Racial Rent Differences in U.S. Housing Markets
Published: 2018 | Dirk W. Early, Paul E. Carrillo, Edgar O. Olsen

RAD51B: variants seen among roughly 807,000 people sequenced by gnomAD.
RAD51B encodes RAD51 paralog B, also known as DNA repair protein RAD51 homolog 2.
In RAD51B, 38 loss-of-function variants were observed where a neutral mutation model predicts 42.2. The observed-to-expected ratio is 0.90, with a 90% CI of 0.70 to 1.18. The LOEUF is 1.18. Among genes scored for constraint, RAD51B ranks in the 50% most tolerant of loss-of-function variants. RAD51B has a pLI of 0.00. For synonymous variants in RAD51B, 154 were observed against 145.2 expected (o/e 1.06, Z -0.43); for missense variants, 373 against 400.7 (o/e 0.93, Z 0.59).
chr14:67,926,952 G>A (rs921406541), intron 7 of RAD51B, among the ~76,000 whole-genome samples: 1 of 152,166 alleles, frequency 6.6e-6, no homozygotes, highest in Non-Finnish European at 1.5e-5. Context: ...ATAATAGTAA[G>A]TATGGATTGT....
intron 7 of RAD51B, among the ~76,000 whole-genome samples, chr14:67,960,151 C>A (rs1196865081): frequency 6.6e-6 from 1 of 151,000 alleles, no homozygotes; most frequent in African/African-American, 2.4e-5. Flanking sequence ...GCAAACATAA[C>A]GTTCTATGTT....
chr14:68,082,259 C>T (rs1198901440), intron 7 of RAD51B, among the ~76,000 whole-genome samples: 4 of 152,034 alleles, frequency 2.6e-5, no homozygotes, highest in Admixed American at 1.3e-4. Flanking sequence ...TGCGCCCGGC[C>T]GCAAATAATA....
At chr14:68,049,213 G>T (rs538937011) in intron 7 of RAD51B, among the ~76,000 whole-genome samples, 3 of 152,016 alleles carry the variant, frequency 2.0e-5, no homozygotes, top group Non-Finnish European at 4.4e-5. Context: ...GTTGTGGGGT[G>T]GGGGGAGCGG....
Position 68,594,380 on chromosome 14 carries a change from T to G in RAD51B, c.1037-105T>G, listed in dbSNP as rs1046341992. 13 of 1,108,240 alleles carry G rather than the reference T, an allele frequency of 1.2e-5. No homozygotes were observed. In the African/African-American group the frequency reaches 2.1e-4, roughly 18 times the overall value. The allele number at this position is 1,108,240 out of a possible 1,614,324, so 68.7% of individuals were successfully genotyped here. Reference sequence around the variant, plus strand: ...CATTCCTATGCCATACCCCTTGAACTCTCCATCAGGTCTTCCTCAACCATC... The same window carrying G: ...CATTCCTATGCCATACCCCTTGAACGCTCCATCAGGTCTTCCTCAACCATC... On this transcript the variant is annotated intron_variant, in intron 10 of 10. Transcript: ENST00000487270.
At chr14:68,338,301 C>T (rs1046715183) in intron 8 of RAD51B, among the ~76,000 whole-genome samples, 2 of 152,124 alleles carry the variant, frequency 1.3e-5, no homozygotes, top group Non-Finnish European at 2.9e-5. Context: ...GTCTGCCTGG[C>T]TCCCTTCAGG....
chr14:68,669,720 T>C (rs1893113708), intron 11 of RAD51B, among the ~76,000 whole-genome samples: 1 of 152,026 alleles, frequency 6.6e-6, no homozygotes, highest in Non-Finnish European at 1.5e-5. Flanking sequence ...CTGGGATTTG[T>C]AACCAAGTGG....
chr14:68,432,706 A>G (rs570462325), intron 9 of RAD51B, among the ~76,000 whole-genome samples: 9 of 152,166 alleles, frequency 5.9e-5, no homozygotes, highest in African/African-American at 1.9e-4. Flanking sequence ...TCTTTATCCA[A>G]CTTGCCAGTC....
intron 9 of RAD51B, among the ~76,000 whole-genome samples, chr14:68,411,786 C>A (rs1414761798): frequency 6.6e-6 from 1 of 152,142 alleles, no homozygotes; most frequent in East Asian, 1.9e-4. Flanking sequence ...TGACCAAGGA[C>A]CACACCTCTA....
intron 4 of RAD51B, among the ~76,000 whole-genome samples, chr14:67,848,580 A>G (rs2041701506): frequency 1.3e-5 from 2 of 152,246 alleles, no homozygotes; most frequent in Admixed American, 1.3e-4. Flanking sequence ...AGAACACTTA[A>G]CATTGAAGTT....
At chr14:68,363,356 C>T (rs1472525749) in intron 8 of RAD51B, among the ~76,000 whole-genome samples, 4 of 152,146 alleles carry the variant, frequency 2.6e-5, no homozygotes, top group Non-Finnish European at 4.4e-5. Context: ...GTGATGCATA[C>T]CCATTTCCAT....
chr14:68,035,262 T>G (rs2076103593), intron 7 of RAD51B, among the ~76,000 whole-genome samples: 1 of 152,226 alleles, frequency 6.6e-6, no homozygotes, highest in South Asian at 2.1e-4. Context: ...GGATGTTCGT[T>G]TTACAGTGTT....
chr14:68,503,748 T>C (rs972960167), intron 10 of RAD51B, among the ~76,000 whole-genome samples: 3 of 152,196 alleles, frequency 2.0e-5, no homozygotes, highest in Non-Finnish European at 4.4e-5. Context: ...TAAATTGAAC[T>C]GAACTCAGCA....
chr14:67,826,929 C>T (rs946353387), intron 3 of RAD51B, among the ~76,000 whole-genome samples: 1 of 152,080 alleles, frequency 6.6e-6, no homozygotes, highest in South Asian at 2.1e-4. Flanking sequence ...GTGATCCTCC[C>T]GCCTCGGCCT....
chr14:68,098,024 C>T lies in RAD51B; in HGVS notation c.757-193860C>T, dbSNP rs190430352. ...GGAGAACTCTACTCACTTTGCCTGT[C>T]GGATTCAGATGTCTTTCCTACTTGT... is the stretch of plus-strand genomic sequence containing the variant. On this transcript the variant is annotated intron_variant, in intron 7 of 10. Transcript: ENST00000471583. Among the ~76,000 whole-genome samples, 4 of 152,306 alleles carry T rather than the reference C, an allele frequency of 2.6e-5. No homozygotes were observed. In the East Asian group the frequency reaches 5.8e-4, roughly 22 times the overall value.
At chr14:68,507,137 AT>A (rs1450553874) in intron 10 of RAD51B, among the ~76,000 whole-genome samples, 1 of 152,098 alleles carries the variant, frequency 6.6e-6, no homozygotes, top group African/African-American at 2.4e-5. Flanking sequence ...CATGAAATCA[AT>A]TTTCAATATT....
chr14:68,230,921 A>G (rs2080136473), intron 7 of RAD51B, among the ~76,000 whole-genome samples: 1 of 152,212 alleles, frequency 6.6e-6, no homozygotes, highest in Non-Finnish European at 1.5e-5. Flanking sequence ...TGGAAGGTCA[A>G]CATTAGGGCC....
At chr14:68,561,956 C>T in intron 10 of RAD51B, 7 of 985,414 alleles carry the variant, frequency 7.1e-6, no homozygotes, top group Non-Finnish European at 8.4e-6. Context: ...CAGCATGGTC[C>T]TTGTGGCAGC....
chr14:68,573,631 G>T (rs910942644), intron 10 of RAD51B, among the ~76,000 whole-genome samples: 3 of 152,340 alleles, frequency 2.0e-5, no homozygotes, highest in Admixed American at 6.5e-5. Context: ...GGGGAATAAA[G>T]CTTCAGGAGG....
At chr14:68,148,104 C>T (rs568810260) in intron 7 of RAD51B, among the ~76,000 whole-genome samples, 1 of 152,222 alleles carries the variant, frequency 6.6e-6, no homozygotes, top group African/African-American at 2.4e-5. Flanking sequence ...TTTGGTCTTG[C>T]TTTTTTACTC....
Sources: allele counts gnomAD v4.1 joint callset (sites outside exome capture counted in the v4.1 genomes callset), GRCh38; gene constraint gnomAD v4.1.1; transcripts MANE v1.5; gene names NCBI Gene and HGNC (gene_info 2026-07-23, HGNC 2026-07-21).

This paper exploits an unusually rich data set to estimate racial differences in the rents paid for identical housing in the same neighborhood in U.S. housing markets and how they vary with neighborhood racial composition. It overcomes the shortcomings of the data used in previous studies. It is large (over 400,000 observations), covers all parts of the country, and contains detailed information about the housing units and their immediate neighborhoods and the census block group of each unit. Importantly, due to the sample size, there are many blacks living in predominantly white neighborhoods and many whites in predominantly black neighborhoods. Results suggest that households led by blacks pay more for identical housing in identical neighborhoods than their white counterparts and that this rent gap increases with the fraction of the neighborhood white. In neighborhoods with the smallest fraction white, the premium is about 0.6 percent. In neighborhoods with the largest fraction white, it is about 2.4 percent. This pattern holds across different types of areas, namely the 50 largest metro areas, all other metro areas, non-metro areas, and areas with the highest and lowest levels of racial segregation in housing.